Plot Holes / Secrets
This one is the most fun. Have you players give you something that they aren't sure about, or something they are keeping secret from everyone. Some ideas here could be that they are on the run after stealing something from a prominent noble, or that they woke up alone in the forest one day with no memory of the previous 2 years. This gives the DM some strings to start pulling together and can make for some really fun reveals at the table.
Ok, now what...
The next steps here are going to be highly dependent on your campaign, your world and the collection of backstories that you have to work with. Here are a few ideas to help you get started though:
Look for similarities
These are things that your adventure plot line have in common with the backstories. Keep in mind that these can be advantageous for the group, or disadvantageous as well. Having a thieves guild after you (bad...) might put you in another thieves guild's good books (good!). The enemy of my enemy is my friend type of thing. If two of your players both come from a small fishing village, do they know each other? You can take opportunities like these to work with your players and start to build in some additional detail.
Look for connections
These could be things that the players have mentioned that are linked to the plot line somehow, or also connected to an NPC or town as well.
Add new elements
If you can't find any links or similarities and you are running a module, you can always add in something new. New NPCs, Groups, items, it's all fair game. If you are running a homebrew adventure or world, you are of course already doing this.
That sounds like a lot of work. Pass!
I get it, DMs already have a lot of stuff to track and build and remember and crafting bespoke plots just to give your players a little "oh, that's cool" moment might not seem like it's worth it. I can assure you though that, done right, these moments are some of the coolest things that can happen at your table and they will be the seeds of the moments that your players talk about for years. If you put a small amount of work into making plausible connections between the story and the players, you will not only make running your game easier, but you will add a new dimension to your story that your players are going to love.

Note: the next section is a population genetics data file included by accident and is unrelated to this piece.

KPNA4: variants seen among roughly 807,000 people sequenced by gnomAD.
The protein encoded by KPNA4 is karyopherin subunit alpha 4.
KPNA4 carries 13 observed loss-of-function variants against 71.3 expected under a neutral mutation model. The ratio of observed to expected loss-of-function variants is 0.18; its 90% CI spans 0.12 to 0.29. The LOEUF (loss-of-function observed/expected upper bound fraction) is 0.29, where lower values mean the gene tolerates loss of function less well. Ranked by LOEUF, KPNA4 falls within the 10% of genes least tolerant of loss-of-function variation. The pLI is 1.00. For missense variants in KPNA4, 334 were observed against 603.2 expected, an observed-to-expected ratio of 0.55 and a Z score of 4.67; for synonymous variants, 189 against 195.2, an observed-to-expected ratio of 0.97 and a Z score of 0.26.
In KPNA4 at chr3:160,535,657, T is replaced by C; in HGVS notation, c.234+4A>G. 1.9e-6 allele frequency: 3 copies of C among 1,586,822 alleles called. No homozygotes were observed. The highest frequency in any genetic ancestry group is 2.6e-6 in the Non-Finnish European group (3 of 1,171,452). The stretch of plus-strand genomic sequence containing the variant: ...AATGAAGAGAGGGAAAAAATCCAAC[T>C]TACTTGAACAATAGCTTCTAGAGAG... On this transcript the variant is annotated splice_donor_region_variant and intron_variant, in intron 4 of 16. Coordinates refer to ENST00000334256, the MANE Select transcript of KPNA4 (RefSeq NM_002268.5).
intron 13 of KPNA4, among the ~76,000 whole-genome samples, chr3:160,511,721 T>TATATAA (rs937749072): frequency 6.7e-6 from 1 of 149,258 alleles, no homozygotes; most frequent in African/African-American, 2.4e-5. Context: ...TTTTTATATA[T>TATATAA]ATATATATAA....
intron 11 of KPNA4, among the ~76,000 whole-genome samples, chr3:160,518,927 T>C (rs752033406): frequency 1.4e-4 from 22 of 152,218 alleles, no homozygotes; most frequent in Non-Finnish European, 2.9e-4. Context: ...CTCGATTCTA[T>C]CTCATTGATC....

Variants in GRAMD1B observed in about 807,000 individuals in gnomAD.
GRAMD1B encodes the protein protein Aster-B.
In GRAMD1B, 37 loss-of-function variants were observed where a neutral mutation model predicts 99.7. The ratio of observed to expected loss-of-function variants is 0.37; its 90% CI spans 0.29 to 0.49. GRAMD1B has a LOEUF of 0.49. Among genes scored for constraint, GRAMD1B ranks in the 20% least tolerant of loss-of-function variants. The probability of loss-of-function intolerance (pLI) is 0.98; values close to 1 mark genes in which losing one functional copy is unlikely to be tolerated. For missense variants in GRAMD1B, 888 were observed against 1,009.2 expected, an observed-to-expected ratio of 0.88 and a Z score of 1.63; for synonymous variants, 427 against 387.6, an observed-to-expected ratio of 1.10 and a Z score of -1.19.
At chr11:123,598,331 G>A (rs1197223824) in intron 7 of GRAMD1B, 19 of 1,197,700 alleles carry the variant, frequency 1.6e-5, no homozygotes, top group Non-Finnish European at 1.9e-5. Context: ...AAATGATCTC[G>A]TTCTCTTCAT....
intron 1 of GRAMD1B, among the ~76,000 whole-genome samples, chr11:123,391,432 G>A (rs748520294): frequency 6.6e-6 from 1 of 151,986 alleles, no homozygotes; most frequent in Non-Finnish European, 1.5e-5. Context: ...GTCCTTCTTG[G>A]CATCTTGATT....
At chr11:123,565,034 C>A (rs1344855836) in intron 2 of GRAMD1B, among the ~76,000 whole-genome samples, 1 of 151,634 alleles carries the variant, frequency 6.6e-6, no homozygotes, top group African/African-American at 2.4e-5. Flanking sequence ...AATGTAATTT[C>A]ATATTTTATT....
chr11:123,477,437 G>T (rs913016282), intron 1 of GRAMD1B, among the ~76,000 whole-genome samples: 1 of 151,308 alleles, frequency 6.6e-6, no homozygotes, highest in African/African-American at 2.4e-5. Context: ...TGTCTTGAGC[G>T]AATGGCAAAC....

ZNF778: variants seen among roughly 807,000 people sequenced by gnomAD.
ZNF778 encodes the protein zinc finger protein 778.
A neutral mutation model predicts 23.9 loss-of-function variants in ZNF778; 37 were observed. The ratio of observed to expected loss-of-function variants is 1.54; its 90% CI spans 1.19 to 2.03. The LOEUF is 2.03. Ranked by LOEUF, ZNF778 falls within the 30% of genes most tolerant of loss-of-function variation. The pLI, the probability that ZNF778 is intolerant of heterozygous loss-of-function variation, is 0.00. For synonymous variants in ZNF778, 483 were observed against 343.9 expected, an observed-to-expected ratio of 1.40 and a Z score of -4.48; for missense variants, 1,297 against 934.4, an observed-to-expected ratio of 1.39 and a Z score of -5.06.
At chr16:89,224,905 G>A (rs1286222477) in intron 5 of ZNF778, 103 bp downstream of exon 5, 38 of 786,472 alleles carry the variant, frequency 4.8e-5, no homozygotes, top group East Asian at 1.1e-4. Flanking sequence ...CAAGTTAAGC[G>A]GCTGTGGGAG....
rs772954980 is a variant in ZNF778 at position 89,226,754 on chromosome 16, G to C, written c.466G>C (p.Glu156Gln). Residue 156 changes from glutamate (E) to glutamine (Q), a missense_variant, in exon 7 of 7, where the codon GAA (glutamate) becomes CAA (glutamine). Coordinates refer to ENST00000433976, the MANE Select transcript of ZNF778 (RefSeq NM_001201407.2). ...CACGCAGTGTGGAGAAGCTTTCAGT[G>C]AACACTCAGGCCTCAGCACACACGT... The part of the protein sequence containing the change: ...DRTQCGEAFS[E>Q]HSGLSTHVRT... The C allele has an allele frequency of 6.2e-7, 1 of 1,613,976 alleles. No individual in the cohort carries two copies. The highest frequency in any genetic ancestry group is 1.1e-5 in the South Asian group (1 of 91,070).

If you are just starting out as a DM, this can be a little overwhelming for sure. My advice to you is to start small, and go from there. Start with a small link to an important NPC. They are from the same town maybe, or attended the same magic school years apart. It's also okay not to have the whole thing mapped out from day one. Don't feel bad about making stuff up on the fly - we just call that 'improvising'. Obviously try to have a framework in mind or a rough idea of how things are connected, but you really can't prepare for every possible situation your players will put themselves into.
Tying your players backstory into your campaign will be tons of fun for the players, make your life as the DM easier and can lead to some of the most memorable moments of your game. I hope that these ideas have inspired you to try this out at your table, and that your games are better for it!
That's all for this week, and don't forget, there are 20 sides to every story!
-The Intrepid Adventurer